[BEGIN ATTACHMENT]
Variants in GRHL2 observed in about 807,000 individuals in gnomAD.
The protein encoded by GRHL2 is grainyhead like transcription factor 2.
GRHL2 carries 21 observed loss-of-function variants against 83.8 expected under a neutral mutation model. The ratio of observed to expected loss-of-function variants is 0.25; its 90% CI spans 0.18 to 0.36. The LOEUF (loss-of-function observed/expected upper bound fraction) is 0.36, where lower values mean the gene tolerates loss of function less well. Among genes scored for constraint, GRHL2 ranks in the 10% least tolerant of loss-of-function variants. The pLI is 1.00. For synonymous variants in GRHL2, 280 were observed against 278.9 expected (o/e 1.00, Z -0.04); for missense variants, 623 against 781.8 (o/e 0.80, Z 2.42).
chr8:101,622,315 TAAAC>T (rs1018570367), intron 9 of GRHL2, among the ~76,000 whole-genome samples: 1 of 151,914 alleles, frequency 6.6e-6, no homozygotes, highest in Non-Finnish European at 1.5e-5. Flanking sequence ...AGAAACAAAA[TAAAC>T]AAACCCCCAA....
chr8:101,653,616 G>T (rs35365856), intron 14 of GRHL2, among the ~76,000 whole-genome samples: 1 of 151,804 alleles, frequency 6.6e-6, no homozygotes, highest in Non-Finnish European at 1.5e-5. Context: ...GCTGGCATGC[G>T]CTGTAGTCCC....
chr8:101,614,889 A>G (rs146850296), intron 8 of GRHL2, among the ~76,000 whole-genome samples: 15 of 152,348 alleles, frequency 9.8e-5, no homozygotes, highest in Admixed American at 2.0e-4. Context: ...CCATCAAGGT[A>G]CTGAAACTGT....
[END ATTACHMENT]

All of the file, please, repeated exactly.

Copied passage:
Variants in GRHL2 observed in about 807,000 individuals in gnomAD.
The protein encoded by GRHL2 is grainyhead like transcription factor 2.
GRHL2 carries 21 observed loss-of-function variants against 83.8 expected under a neutral mutation model. The ratio of observed to expected loss-of-function variants is 0.25; its 90% CI spans 0.18 to 0.36. The LOEUF (loss-of-function observed/expected upper bound fraction) is 0.36, where lower values mean the gene tolerates loss of function less well. Among genes scored for constraint, GRHL2 ranks in the 10% least tolerant of loss-of-function variants. The pLI is 1.00. For synonymous variants in GRHL2, 280 were observed against 278.9 expected (o/e 1.00, Z -0.04); for missense variants, 623 against 781.8 (o/e 0.80, Z 2.42).
chr8:101,622,315 TAAAC>T (rs1018570367), intron 9 of GRHL2, among the ~76,000 whole-genome samples: 1 of 151,914 alleles, frequency 6.6e-6, no homozygotes, highest in Non-Finnish European at 1.5e-5. Flanking sequence ...AGAAACAAAA[TAAAC>T]AAACCCCCAA....
chr8:101,653,616 G>T (rs35365856), intron 14 of GRHL2, among the ~76,000 whole-genome samples: 1 of 151,804 alleles, frequency 6.6e-6, no homozygotes, highest in Non-Finnish European at 1.5e-5. Context: ...GCTGGCATGC[G>T]CTGTAGTCCC....
chr8:101,614,889 A>G (rs146850296), intron 8 of GRHL2, among the ~76,000 whole-genome samples: 15 of 152,348 alleles, frequency 9.8e-5, no homozygotes, highest in Admixed American at 2.0e-4. Context: ...CCATCAAGGT[A>G]CTGAAACTGT....